More than 400 people turned out Wednesday night at D.C.’s Carnegie Library for the annual Capital Pride Alliance Heroes Gala in which former U.S. Attorney General Eric Holder and eight LGBT community advocates were honored for their efforts to advance LGBT equality.
The event, which was hosted by the Historical Society of Washington, D.C., was one of a series of Pride-related events scheduled to take place over a 10-day period leading up to the annual Capital Pride Parade on Saturday, June 13, and the annual Pride Festival set for Sunday, June 14 on Pennsylvania Avenue near the U.S. Capitol.
Bernie Delia, president of the Capital Pride Board of Directors, introduced Holder in Delia’s role as both a Capital Pride official and a Justice Department attorney who worked during Holder’s tenure as Attorney General from 2009 to May of this year in the Obama administration.
“His commitment to civil rights has been nothing short of outstanding,” said Delia. “And his commitment to LGBT rights is unmatched among any attorney general.”
Delia presented Holder with Capital Pride’s Paving the Way Award, which the group says is aimed at honoring “those in public life who have shown courage and leadership in helping to advance the cause of LGBT rights.”
“It is a great honor to be here and thank you so much for recognizing me,” Holder told the gathering.
“This is a time in which we can celebrate a great many things,” he said, recounting the Obama administration’s efforts to repeal the ‘Don’t Ask, Don’t Tell’ law that banned gays and lesbians from serving openly in the military.
Holder also talked about his and President Obama’s controversial decision to have the Justice Department refuse to defend in court the anti-gay Defense of Marriage Act, which prohibited the federal government from recognizing same-sex marriages.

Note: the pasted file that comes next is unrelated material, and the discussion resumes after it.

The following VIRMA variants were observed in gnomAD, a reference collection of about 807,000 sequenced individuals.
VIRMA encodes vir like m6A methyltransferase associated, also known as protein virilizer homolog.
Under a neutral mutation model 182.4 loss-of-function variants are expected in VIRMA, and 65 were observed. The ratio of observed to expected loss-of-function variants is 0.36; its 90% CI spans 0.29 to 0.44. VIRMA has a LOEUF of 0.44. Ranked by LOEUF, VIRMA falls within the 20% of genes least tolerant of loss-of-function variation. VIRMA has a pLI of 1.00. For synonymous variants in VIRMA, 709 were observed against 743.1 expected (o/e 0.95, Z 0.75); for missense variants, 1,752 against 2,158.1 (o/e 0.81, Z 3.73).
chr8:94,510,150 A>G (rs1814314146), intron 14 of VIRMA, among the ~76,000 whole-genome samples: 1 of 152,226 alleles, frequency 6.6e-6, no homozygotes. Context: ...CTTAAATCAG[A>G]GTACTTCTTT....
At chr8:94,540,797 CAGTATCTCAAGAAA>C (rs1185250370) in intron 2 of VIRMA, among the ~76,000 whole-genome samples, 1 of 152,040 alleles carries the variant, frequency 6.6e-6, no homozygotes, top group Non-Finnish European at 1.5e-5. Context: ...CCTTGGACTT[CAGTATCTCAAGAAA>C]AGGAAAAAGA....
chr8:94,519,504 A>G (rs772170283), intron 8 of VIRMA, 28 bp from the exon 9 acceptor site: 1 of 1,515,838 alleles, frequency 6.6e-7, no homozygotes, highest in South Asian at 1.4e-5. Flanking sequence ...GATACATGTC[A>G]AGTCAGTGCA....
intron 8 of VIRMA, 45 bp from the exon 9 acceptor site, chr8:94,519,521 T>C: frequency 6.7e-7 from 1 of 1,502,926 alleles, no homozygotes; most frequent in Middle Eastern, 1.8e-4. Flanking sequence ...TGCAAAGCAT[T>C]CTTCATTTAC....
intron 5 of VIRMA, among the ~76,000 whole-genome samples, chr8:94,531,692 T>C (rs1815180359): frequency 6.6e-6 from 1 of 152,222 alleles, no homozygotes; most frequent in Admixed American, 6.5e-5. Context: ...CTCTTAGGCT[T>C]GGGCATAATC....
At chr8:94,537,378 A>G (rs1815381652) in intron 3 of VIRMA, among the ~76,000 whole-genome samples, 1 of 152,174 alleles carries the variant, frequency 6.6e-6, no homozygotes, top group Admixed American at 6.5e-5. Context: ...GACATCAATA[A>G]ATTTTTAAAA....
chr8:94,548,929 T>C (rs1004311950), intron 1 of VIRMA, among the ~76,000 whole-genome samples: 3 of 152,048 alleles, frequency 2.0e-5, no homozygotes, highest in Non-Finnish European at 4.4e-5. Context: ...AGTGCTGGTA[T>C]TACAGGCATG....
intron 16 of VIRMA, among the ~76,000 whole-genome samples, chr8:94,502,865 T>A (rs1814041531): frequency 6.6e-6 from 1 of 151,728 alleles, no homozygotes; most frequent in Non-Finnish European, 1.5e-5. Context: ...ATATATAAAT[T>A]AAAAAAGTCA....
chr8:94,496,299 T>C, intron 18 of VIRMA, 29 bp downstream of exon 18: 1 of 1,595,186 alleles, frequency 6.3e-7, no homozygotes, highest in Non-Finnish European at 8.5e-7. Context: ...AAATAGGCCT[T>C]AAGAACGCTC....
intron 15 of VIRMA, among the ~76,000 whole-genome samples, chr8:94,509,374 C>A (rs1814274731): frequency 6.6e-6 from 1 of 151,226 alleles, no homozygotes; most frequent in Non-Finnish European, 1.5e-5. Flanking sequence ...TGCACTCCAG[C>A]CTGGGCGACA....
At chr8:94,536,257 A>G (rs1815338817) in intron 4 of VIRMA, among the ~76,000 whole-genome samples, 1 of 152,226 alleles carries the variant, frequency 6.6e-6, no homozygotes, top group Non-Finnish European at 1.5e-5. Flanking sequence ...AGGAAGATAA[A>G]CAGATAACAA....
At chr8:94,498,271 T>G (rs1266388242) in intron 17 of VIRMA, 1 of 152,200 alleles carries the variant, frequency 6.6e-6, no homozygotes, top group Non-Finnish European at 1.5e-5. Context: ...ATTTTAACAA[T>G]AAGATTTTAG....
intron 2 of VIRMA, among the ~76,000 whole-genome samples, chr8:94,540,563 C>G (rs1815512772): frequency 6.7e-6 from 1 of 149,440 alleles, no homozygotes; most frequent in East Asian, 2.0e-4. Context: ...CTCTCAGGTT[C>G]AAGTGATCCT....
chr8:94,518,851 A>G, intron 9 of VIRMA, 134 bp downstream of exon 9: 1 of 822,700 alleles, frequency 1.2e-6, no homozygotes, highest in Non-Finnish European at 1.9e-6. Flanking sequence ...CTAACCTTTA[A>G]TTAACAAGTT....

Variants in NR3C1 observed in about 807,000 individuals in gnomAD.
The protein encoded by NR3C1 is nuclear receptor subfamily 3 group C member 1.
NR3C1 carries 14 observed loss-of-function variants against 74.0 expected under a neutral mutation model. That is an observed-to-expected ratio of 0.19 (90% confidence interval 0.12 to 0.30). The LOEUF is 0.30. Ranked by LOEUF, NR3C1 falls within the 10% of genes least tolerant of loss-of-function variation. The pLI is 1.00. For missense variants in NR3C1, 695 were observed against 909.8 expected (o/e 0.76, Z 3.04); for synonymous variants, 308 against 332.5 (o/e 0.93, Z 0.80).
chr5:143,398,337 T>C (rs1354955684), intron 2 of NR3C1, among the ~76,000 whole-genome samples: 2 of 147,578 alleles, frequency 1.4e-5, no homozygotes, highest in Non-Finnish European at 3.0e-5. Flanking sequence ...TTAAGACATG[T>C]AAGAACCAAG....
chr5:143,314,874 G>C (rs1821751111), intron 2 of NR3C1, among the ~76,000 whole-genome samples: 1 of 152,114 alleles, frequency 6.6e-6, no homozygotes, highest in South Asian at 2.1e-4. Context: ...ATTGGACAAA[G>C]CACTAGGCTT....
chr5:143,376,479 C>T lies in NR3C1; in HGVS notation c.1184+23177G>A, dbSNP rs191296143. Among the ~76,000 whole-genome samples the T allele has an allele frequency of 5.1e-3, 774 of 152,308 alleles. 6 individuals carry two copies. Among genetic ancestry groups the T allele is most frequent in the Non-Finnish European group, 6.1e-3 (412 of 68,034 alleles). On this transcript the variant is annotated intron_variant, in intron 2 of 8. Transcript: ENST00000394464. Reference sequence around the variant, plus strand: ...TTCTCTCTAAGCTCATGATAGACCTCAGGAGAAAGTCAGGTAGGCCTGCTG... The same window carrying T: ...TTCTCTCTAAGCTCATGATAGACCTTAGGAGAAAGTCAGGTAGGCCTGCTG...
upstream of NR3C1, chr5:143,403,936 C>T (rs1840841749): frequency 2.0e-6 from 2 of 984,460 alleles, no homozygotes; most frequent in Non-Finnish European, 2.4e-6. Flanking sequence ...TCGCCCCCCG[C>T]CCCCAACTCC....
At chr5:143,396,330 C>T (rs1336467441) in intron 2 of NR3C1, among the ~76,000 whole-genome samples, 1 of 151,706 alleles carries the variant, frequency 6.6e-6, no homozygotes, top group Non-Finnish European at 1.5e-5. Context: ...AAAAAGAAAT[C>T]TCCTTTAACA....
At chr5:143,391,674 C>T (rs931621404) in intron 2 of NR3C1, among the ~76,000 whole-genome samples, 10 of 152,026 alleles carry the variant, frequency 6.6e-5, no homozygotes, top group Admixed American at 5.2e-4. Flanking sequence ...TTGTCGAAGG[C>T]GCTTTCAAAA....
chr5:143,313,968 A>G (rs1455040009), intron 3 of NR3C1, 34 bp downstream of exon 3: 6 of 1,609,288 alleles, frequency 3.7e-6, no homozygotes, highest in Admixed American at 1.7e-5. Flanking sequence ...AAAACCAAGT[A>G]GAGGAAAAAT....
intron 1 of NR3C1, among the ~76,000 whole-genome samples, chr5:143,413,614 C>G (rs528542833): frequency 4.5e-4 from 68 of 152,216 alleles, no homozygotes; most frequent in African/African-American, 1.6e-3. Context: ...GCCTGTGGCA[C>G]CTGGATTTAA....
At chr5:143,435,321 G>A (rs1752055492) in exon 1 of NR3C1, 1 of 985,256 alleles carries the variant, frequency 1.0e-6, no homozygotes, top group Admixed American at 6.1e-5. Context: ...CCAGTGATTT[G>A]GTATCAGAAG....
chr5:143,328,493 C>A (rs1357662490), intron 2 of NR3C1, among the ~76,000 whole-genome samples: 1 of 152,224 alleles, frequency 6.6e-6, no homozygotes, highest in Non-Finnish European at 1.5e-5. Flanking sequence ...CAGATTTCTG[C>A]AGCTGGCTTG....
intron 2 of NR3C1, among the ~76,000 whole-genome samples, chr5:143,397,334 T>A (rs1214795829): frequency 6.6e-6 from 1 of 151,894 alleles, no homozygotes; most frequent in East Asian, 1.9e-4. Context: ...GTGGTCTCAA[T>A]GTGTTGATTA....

Marriage equality advocates have credited the Justice Department’s refusal to defend DOMA on constitutional grounds with playing an important role in the Supreme Court’s 2013 decision to declare the main part of the law unconstitutional, a development that opened the way for courts in more than two-dozen states to allow gays and lesbians to marry.
“This is indeed I think a very hopeful time,” Holder said. “But we should not kid ourselves. Much work really remains to be done,” he said. “Discrimination against the LGBT community is still very real. It is still the basis for wrong-headed policies and for dangerous attitudes.”
With hard work and perseverance, Holder said, and with LGBT rights advocates joining forces with other civil rights causes, including communities of color, full equality for LGBT people and other minorities can be achieved.
“Working together I am really confident we can really make this great nation even greater,” he said.
Following Holder’s remarks, Capital Pride Hero Awards were given to Alexandra Ernst, a longtime fundraiser from D.C. for the Human Rights Campaign; Paul Kawata, executive director of the National Minority AIDS Council; Justin Markiewicz, a member of the Metropolitan Police Department of Washington’s Gay and Lesbian Liaison Unit; Maryland House of Delegates member Heather Mizeur (D-Montgomery County); and Bishop Gene Robinson, the first openly gay bishop of the Episcopal Church and a nationally recognized advocate for LGBT equality.
Also honored at the Heroes Gala were three local transgender community advocates. Capital Trans Pride Coordinator Holly Goldman received the Bill Miles Award for Outstanding Volunteer Service; Bobbi Strang, an officer and volunteer for a number of local LGBT organizations, and Kaprice Williams, a full-time volunteer at the Casa Ruby community center since the facility opened its doors three years ago, each received the Capital Pride Engendered Sprit Award.
Whitman-Walker Health, the D.C. health care organization with a special outreach to the LGBT community and people with HIV, received the Larry Stansbury Award for Exemplary Contributions to Pride.
In handing the award to Whitman-Walker Executive Director Don Blanchon, Delia noted that Whitman-Walker became the lead sponsor of the city’s LGBT Pride Parade and festival for nearly 10 years beginning in 1997 when the Pride organization experienced financial difficulties.